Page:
Citizen Toxie: The Toxic Avenger IV

Citizen Toxie posterAs always when I comes to Troma there are two ways of looking at their movies; the first is the way in which you approach any other film, but this would just lead to a review that entirely missed the point of the production, the other is, of course to go with it and get lost (as best as possible) in the ensuing exploitation mayhem.

Positioning itself as a direct sequel to the first Toxic Avenger a debate could be had about what this means to the overall story, but again that would be largely pointless as the film barely manages to hold a plot together.

What plot there is though is a new twist on the previous Toxie tales as, in a Star Trek like fashion, our hero is transported to an alternate, evil, dimension and his counterpart ends up back in Tromaville and all hell breaks loose.

This all follows a protracted opening sequence that sees the Tromaville School For The Very Special attacked by a marauding gang of the ‘Diaper Mafia’ which sets the bar high for schlock and sick jokes.

Citizen Toxie

Toxie does some disemboweling

In some ‘classic’ Troma moments we see a man’s finger sharpened before being stabbed through his own head, a fairly full on disembowelment and ‘re-embowelment’ and a man with his head, literally, up his arse before being decapitated.

While this is going on we get various bodily excretion moments which push the joke to and beyond breaking point while one of the gang and one of the school’s pupils fondle each other in the background.

This sets the tone for the whole hour and fifty minutes which makes this something of a perfect storm of both Troma and exploitation cinema in general.

Ron Jeremy in Citizen Toxie

Ron Jeremy as Tromaville’s mayor

Crammed in, seemingly wherever they may fall, is abundant gore, sex (of pretty much all kinds you can get away in an 18 rated film that isn’t all out porn), hugely politically incorrect humour (it seems the main target here is the mentally disabled), Nazis, the KKK and many cameos spanning the pop culture spectrum from Stan Lee to Lemmy Kilmister to Ron Jeremy.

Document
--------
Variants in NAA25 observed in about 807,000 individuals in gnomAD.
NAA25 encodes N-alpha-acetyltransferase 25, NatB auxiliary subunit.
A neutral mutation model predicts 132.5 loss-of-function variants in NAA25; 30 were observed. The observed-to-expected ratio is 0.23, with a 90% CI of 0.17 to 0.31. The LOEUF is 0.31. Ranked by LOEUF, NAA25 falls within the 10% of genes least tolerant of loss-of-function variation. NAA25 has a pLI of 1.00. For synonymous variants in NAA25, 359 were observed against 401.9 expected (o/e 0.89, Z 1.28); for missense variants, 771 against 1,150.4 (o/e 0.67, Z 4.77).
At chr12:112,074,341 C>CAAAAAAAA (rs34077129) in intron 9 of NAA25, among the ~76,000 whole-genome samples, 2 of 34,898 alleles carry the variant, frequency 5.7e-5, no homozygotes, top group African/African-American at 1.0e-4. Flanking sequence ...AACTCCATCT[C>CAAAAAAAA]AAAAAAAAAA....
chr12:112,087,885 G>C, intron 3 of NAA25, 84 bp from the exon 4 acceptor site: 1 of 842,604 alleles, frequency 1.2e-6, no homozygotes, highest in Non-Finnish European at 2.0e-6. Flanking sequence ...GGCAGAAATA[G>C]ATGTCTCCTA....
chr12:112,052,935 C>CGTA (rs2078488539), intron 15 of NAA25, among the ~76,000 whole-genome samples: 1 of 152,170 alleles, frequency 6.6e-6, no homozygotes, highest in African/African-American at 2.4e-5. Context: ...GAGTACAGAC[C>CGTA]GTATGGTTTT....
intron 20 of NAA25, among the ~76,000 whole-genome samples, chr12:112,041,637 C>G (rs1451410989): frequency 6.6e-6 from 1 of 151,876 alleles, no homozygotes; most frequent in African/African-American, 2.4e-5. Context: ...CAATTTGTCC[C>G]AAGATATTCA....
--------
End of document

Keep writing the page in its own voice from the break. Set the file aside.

Unsurprisingly, even when viewed in context, this scatter shot approach comes with varying levels of success spanning a great little spoof on The Phantom Menace and Toxie as Noxie (his evil counterpart) square off to a scene where one of the aforementioned school’s students tries to sell another for drugs.

This non-stop schlock approach also leads to the film becoming exceptionally tiring, as there is never a chance to breath and take stock before something else is happening and, unfortunately, the hit rate isn’t as high as it might be and a lot of the charm of the earlier movies is lost as Citizen Toxie looks surprisingly high budget posing as something much cheaper (though its far from a high budget movie).

Toxie and Sarah

Toxie and Sarah

Something I really missed here that was a highlight of the other two sequels (Toxic Avenger Part II and The Last Temptation of Toxie) was the performance of Toxie’s wife Sarah which added a big chunk of the genuinely surreal when played by Phoebe Legere, here though that is missing and, while the appearance of Sgt Kabukiman NYPD does try to bring back a bit of the surreal tone it is ultimately missing.

In the end Citizen Toxie is, in many ways, the ultimate Troma experience condensed into one film but, for me, it was missing something of the surreal charm of their better output replaced by further pushing the sleazier end of their work.

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